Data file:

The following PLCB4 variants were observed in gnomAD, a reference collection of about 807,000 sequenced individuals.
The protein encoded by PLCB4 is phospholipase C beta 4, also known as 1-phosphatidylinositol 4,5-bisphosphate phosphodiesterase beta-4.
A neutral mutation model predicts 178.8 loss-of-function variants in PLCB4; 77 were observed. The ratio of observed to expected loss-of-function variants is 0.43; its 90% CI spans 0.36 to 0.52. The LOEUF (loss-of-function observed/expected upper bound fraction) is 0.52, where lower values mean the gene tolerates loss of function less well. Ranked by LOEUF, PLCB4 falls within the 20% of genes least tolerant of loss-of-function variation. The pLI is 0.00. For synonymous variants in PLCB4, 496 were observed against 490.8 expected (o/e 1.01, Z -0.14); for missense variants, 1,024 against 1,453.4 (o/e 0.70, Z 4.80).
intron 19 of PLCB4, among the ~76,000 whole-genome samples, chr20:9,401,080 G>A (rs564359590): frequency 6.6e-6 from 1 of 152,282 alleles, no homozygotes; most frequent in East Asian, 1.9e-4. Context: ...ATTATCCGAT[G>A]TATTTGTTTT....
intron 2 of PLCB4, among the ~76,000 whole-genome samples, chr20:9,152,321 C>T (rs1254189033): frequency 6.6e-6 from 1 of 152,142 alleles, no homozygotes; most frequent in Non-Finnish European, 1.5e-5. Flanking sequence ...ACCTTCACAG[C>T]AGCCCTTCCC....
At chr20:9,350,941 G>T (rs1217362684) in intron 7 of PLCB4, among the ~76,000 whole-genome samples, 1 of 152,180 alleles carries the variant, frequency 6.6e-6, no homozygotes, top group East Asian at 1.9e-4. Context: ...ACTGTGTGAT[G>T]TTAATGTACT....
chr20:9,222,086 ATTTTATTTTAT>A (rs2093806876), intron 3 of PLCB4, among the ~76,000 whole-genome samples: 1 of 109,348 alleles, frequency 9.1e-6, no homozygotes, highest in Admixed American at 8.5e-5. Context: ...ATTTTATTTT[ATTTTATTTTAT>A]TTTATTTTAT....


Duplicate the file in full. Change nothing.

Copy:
The following PLCB4 variants were observed in gnomAD, a reference collection of about 807,000 sequenced individuals.
The protein encoded by PLCB4 is phospholipase C beta 4, also known as 1-phosphatidylinositol 4,5-bisphosphate phosphodiesterase beta-4.
A neutral mutation model predicts 178.8 loss-of-function variants in PLCB4; 77 were observed. The ratio of observed to expected loss-of-function variants is 0.43; its 90% CI spans 0.36 to 0.52. The LOEUF (loss-of-function observed/expected upper bound fraction) is 0.52, where lower values mean the gene tolerates loss of function less well. Ranked by LOEUF, PLCB4 falls within the 20% of genes least tolerant of loss-of-function variation. The pLI is 0.00. For synonymous variants in PLCB4, 496 were observed against 490.8 expected (o/e 1.01, Z -0.14); for missense variants, 1,024 against 1,453.4 (o/e 0.70, Z 4.80).
intron 19 of PLCB4, among the ~76,000 whole-genome samples, chr20:9,401,080 G>A (rs564359590): frequency 6.6e-6 from 1 of 152,282 alleles, no homozygotes; most frequent in East Asian, 1.9e-4. Context: ...ATTATCCGAT[G>A]TATTTGTTTT....
intron 2 of PLCB4, among the ~76,000 whole-genome samples, chr20:9,152,321 C>T (rs1254189033): frequency 6.6e-6 from 1 of 152,142 alleles, no homozygotes; most frequent in Non-Finnish European, 1.5e-5. Flanking sequence ...ACCTTCACAG[C>T]AGCCCTTCCC....
At chr20:9,350,941 G>T (rs1217362684) in intron 7 of PLCB4, among the ~76,000 whole-genome samples, 1 of 152,180 alleles carries the variant, frequency 6.6e-6, no homozygotes, top group East Asian at 1.9e-4. Context: ...ACTGTGTGAT[G>T]TTAATGTACT....
chr20:9,222,086 ATTTTATTTTAT>A (rs2093806876), intron 3 of PLCB4, among the ~76,000 whole-genome samples: 1 of 109,348 alleles, frequency 9.1e-6, no homozygotes, highest in Admixed American at 8.5e-5. Context: ...ATTTTATTTT[ATTTTATTTTAT>A]TTTATTTTAT....